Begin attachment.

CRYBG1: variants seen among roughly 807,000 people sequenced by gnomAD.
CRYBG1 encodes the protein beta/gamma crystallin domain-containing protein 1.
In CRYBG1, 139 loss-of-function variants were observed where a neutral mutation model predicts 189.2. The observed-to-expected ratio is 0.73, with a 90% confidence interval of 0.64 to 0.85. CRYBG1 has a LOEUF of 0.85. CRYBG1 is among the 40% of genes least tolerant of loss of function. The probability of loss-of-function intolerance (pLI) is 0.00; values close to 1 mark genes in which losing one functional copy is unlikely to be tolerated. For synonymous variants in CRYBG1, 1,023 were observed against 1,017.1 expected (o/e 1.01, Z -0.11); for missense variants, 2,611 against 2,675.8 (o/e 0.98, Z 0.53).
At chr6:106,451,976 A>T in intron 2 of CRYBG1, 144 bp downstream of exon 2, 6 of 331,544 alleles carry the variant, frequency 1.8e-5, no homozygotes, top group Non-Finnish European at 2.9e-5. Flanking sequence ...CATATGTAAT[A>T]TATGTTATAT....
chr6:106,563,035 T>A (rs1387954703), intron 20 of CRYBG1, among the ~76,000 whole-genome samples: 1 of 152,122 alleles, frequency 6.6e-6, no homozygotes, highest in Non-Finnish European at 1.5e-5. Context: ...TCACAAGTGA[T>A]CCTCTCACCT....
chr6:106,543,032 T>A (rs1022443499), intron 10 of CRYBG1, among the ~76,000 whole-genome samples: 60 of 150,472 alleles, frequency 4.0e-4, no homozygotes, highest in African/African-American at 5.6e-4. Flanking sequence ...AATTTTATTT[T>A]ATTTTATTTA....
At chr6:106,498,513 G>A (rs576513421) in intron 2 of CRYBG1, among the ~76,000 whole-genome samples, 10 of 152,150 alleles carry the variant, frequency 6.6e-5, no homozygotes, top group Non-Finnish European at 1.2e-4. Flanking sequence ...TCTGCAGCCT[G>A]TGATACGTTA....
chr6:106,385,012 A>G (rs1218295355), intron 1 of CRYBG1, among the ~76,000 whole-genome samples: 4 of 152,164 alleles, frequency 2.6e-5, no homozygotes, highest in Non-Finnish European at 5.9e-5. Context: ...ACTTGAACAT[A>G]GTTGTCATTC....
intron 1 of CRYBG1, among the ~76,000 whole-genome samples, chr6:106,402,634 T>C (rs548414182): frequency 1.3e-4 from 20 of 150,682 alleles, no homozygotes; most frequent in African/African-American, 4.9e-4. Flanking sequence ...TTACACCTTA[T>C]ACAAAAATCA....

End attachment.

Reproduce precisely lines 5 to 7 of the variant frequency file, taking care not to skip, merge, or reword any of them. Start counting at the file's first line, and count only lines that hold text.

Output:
chr6:106,563,035 T>A (rs1387954703), intron 20 of CRYBG1, among the ~76,000 whole-genome samples: 1 of 152,122 alleles, frequency 6.6e-6, no homozygotes, highest in Non-Finnish European at 1.5e-5. Context: ...TCACAAGTGA[T>A]CCTCTCACCT....
chr6:106,543,032 T>A (rs1022443499), intron 10 of CRYBG1, among the ~76,000 whole-genome samples: 60 of 150,472 alleles, frequency 4.0e-4, no homozygotes, highest in African/African-American at 5.6e-4. Flanking sequence ...AATTTTATTT[T>A]ATTTTATTTA....
At chr6:106,498,513 G>A (rs576513421) in intron 2 of CRYBG1, among the ~76,000 whole-genome samples, 10 of 152,150 alleles carry the variant, frequency 6.6e-5, no homozygotes, top group Non-Finnish European at 1.2e-4. Flanking sequence ...TCTGCAGCCT[G>A]TGATACGTTA....